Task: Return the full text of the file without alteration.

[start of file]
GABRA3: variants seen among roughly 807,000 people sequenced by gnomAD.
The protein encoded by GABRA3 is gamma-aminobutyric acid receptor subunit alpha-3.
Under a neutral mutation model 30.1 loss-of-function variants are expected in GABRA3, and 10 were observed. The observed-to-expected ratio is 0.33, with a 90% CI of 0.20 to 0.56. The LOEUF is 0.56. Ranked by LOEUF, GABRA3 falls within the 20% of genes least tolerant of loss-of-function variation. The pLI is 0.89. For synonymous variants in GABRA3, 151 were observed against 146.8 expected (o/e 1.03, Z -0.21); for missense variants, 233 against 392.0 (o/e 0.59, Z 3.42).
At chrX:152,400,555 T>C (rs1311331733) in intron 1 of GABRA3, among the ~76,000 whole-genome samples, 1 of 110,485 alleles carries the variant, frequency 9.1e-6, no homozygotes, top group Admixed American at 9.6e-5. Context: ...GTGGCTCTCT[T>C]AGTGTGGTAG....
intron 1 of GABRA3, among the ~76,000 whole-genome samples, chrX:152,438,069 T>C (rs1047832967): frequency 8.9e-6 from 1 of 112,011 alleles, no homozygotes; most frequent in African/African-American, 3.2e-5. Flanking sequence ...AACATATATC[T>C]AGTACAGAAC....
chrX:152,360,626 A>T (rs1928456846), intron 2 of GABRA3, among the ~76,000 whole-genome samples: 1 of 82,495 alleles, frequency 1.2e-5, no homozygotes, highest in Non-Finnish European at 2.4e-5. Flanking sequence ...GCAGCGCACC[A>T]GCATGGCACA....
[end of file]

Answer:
GABRA3: variants seen among roughly 807,000 people sequenced by gnomAD.
The protein encoded by GABRA3 is gamma-aminobutyric acid receptor subunit alpha-3.
Under a neutral mutation model 30.1 loss-of-function variants are expected in GABRA3, and 10 were observed. The observed-to-expected ratio is 0.33, with a 90% CI of 0.20 to 0.56. The LOEUF is 0.56. Ranked by LOEUF, GABRA3 falls within the 20% of genes least tolerant of loss-of-function variation. The pLI is 0.89. For synonymous variants in GABRA3, 151 were observed against 146.8 expected (o/e 1.03, Z -0.21); for missense variants, 233 against 392.0 (o/e 0.59, Z 3.42).
At chrX:152,400,555 T>C (rs1311331733) in intron 1 of GABRA3, among the ~76,000 whole-genome samples, 1 of 110,485 alleles carries the variant, frequency 9.1e-6, no homozygotes, top group Admixed American at 9.6e-5. Context: ...GTGGCTCTCT[T>C]AGTGTGGTAG....
intron 1 of GABRA3, among the ~76,000 whole-genome samples, chrX:152,438,069 T>C (rs1047832967): frequency 8.9e-6 from 1 of 112,011 alleles, no homozygotes; most frequent in African/African-American, 3.2e-5. Flanking sequence ...AACATATATC[T>C]AGTACAGAAC....
chrX:152,360,626 A>T (rs1928456846), intron 2 of GABRA3, among the ~76,000 whole-genome samples: 1 of 82,495 alleles, frequency 1.2e-5, no homozygotes, highest in Non-Finnish European at 2.4e-5. Flanking sequence ...GCAGCGCACC[A>T]GCATGGCACA....